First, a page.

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THE FUTURE OF HOTEL MANAGEMENT HIGHER EDUCATION: TRENDS AND EVOLUTION

S. Demaeght de Montalay

BBI-Luxembourg - School for International Hospitality & Tourism Business (LUXEMBOURG)
This article was written as part of the research carried out under the auspices of BBI's Research and Innovation Committee. It is therefore property of its author and of the Initiating Institution, BBI-Luxembourg - school for international hospitality & tourism business.

Historically and in Europe, the higher education sector in hotel management took place mainly in specialized centers such as Hotel Schools or Hotel Management Schools. This practice, largely inspired by the Swiss model, was justified by the level of studies which rarely exceeded two years of higher education or three academic semesters combined with two semesters of practical training. It was therefore imperative to concentrate the hotel operation subjects right from the first academic year. Students then obtained a BTS, DTS, DEUG or Higher Diploma. Those who wished to pursue a bachelor level had to follow an additional academic year where the hotel operations part was nearly not present but which was mainly used to upgrade them in general management subjects. The level reached was then close to a general bachelor in management.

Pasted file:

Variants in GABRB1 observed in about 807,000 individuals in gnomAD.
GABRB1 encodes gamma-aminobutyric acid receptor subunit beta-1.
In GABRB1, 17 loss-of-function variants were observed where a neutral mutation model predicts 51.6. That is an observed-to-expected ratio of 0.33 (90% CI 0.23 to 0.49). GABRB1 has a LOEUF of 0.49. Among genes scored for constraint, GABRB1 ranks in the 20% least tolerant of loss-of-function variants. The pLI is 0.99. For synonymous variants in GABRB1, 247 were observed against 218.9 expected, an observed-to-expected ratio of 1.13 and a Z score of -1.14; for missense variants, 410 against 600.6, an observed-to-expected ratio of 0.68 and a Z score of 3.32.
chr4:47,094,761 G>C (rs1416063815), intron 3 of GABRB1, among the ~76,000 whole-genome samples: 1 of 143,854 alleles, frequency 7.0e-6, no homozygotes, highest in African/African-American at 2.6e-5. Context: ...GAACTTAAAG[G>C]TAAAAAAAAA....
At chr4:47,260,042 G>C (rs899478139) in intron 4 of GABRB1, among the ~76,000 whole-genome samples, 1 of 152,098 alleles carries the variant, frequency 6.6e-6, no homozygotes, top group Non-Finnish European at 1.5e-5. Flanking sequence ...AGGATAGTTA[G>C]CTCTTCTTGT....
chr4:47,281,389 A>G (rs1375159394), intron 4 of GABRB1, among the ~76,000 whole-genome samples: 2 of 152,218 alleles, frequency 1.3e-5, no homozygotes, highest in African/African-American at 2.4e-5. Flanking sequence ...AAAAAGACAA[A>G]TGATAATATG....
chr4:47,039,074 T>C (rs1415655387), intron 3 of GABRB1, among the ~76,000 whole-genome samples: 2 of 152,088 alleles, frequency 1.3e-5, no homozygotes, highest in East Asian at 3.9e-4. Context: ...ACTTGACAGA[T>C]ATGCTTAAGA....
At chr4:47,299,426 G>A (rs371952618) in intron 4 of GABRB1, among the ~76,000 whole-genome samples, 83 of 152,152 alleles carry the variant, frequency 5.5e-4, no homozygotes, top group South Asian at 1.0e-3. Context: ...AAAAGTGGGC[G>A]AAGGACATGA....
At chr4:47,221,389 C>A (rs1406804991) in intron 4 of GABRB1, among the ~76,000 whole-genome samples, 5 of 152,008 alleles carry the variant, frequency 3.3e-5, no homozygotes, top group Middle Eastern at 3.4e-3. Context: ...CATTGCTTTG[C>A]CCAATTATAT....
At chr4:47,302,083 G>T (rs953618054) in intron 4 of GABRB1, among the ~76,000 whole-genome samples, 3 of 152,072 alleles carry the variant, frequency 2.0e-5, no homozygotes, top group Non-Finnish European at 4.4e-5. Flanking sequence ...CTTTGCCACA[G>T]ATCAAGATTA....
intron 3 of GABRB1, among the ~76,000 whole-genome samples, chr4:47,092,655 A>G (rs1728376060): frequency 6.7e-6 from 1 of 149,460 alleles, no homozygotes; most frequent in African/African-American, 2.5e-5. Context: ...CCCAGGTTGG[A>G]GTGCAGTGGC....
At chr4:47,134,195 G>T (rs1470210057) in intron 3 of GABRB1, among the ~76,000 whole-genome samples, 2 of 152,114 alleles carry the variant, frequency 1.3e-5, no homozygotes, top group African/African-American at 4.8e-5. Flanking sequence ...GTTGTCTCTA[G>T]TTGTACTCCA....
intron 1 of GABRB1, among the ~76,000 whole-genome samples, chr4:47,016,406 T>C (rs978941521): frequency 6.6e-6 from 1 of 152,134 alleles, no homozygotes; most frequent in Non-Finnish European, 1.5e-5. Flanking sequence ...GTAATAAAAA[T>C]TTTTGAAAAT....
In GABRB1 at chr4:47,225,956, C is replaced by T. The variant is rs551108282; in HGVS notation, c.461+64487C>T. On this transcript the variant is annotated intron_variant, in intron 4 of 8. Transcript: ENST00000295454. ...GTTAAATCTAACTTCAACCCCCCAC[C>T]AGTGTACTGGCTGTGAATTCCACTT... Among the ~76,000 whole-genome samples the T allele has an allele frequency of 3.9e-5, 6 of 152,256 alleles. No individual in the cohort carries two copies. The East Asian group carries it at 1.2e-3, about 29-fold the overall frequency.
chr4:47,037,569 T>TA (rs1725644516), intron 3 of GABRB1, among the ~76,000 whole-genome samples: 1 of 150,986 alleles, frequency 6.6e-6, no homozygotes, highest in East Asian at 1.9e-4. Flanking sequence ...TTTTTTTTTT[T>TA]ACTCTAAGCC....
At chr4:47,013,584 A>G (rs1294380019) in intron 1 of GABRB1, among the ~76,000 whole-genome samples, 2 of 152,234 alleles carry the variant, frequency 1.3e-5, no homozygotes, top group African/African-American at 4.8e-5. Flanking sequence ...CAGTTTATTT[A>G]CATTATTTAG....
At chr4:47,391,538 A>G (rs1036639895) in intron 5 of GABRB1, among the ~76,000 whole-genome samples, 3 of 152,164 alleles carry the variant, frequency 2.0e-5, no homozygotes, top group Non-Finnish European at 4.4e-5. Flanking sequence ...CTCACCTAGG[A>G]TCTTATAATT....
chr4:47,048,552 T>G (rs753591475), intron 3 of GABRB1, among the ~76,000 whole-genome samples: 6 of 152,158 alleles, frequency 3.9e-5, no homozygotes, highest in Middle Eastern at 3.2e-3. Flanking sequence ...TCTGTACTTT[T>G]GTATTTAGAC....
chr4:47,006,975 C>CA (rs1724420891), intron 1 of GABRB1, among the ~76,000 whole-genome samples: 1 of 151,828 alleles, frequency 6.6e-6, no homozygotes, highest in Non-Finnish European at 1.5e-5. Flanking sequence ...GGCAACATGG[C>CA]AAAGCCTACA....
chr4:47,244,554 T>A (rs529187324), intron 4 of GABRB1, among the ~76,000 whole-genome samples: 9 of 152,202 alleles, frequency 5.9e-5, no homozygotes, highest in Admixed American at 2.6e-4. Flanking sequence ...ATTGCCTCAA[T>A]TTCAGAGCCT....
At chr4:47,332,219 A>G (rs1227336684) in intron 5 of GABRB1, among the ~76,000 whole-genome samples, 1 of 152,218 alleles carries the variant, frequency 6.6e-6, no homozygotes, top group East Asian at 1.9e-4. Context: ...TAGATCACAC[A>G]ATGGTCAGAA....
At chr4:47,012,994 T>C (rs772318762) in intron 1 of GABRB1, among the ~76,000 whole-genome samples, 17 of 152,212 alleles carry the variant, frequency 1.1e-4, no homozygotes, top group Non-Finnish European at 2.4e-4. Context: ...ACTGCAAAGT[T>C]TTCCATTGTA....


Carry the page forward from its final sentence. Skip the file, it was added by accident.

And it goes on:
Subsequently, the number of students reaching a bachelor level has increased and this level has become the norm. Some schools then balanced the general management courses over the three years, others left them in the third year. Today, we are at the dawn of a time when the master level in five years could become the standard program. There is therefore no longer any interest in concentrating operational and purely hotel subjects over the first two or three years.

We can therefore ask ourselves whether specific teaching is always useful or whether hotel management could be integrated as an optional pathway in generalist management path depending on a university management department or a business school. This is what appears in many universities in the schools of management or departments of tourism. Finally, many courses such as accounting, marketing, human resources or financial management are not specific to the hotel industry and can be given jointly to students pursuing or not a hotel course even if an upgrade is necessary for certain peculiarities such as the USALI chart of accounts.

Do specific hotel schools still have their place? What is the point of keeping both types of education? Is the level reached the same in both cases? We will try to answer these questions by using qualitative methods and by studying different hospitality programs offered on the market.